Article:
Eli Broad gives five decades of personal photographs, videos and papers to UCLA library

Eli Broad, pictured inside his recently opened art museum in Los Angeles, announced that he is donating his personal papers on business and civic endeavors to UCLA.

Eli Broad, pictured inside his recently opened art museum in Los Angeles, announced that he is donating his personal papers on business and civic endeavors to UCLA.

(Genaro Molina / Los Angeles Times)

Eli Broad has been getting his papers in order -- all 19 cartons of them. The billionaire philanthropist behind the $140-million Broad contemporary art museum that opened last week in Los Angeles is donating his personal papers to the UCLA Library Special Collections, the university is expected to announce on Wednesday.

“This decision to donate my archives to UCLA is the culmination of many years of consideration,” Broad said by email. “I’ve always kept files of all of my business, philanthropic and civic endeavors, and we thought these materials might be of interest to current and future scholars who are interested in Los Angeles history.”

The collection of records documenting more than five decades of Broad’s life will be delivered to UCLA in multiple installments. The first batch of archival materials, already available at the library, includes home videos and personal photographs dating to 1957 that show Broad as a child, pictures from his 60th birthday party and five albums of photographs of Broad at events with politicians and celebrities such as Bill and Hillary Clinton, Al Gore and Muhammad Ali. The first installment, most of which is from the 1990s or later, also has travel itineraries, news clippings about Broad’s real estate and art dealings, annual reports for SunAmerica (the investment company he founded) and annotated speeches. The collection even includes some of his phone logs and “week at a glance” desk calendars.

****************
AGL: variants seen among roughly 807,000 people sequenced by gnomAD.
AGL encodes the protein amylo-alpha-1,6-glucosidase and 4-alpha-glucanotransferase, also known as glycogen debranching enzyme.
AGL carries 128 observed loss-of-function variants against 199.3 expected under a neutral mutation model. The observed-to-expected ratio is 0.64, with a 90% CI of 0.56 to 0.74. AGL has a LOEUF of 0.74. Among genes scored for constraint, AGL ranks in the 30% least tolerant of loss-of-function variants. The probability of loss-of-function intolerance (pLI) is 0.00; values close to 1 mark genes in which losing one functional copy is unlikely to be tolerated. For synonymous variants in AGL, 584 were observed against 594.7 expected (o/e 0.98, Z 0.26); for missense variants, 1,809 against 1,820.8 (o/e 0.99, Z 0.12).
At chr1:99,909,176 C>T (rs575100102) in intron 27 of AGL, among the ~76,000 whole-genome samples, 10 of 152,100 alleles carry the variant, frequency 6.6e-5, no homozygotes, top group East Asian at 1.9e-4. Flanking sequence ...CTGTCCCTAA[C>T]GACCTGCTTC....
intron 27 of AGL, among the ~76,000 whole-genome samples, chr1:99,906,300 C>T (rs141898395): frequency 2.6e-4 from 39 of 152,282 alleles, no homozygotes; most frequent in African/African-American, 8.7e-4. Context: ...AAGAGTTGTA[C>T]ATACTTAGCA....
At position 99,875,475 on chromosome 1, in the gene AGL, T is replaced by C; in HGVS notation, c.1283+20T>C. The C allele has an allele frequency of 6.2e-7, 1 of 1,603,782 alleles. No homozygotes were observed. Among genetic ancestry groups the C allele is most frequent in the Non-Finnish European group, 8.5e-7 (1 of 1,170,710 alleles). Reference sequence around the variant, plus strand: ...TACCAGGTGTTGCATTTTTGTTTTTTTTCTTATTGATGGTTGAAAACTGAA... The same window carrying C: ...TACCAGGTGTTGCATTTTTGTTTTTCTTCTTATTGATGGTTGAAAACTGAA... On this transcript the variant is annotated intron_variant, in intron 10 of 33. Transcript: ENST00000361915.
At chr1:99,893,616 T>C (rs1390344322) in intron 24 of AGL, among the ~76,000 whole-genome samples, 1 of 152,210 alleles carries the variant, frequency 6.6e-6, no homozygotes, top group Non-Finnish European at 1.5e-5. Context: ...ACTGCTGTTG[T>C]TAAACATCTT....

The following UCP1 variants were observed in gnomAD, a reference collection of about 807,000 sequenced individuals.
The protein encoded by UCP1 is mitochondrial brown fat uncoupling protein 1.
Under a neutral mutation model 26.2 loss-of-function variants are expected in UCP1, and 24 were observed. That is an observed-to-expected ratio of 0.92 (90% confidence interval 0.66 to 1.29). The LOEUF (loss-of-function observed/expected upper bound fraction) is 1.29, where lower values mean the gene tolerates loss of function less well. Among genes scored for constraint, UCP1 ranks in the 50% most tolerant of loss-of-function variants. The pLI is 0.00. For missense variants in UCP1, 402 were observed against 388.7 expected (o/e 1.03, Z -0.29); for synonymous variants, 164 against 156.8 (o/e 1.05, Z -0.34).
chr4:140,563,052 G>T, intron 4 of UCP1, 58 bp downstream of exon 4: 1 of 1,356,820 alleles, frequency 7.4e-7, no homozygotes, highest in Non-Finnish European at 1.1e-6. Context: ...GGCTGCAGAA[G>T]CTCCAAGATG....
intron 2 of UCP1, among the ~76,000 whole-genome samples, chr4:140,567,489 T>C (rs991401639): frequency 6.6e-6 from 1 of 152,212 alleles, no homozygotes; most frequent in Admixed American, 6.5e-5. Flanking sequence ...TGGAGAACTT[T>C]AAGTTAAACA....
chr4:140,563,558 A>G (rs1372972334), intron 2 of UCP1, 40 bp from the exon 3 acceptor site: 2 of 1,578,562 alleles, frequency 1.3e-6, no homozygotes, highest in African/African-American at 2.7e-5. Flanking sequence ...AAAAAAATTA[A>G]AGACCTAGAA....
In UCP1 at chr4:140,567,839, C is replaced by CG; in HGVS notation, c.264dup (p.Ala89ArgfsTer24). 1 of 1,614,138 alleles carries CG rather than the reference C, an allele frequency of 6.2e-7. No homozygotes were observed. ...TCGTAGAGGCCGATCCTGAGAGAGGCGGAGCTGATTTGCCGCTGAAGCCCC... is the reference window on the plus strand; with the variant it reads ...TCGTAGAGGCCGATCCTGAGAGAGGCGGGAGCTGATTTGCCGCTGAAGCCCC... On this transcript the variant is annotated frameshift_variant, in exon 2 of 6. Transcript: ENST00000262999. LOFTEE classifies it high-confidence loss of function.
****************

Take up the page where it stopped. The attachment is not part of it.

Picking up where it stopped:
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The UCLA library couldn’t cite the number of pieces but said the first installment alone -- those 19 cartons -- was equivalent in size to “17 linear feet of shelf space.” The library wouldn’t assign a monetary value.

“We’ve had a longstanding relationship with UCLA, and when I was considering research institutions for my archive, I was impressed with the scholarship of UCLA’s special collections,” Broad said. “UCLA makes access a priority, which is something I highly value.”

University librarian Ginny Steel said that Broad approached UCLA a little more than two years ago.

“It’s tremendously exciting for us because it gives us materials that really flesh out the story of Los Angeles as it developed into a world-class city -- and Eli was so deeply involved in making that happen,” Steel said. “Over the past decade, we’ve been gathering papers from individuals and communities that make up the city. We have the papers from Tom Bradley, Henry Waxman, the Los Angeles Times Photographic Archive. So this fits into the collections that we already have -- traditional materials that document Los Angeles.”

Broad, who grew up in Detroit and moved to L.A. in 1963, built SunAmerica and (with Donald Kaufman) KB Home into Fortune 500 companies. Through his family foundation, he’s been an active philanthropist in science, education and the arts since 1967, and he has increased his focus on philanthropy since leaving the business world in 1999. During the last 31 years, the Broad Art Foundation has made more than 8,000 loans of contemporary art to about 500 institutions worldwide, the foundation said.

The Eli and Edythe Broad Foundation’s total giving to UCLA, since the late 1960s, is more than $57 million. Most recently, in May 2014, the foundation gifted UCLA with $4 million for researching stem-cell science and digestive diseases and for recruitment of new faculty.

In a UCLA statement, Broad added that he has enjoyed “four distinct careers -- accounting, homebuilding, retirement savings and now philanthropy,” he said, “and I am humbled to share the records of my activities with students and historians.”

Arrival dates for the additional installments haven’t been set.

Twitter: @debvankin


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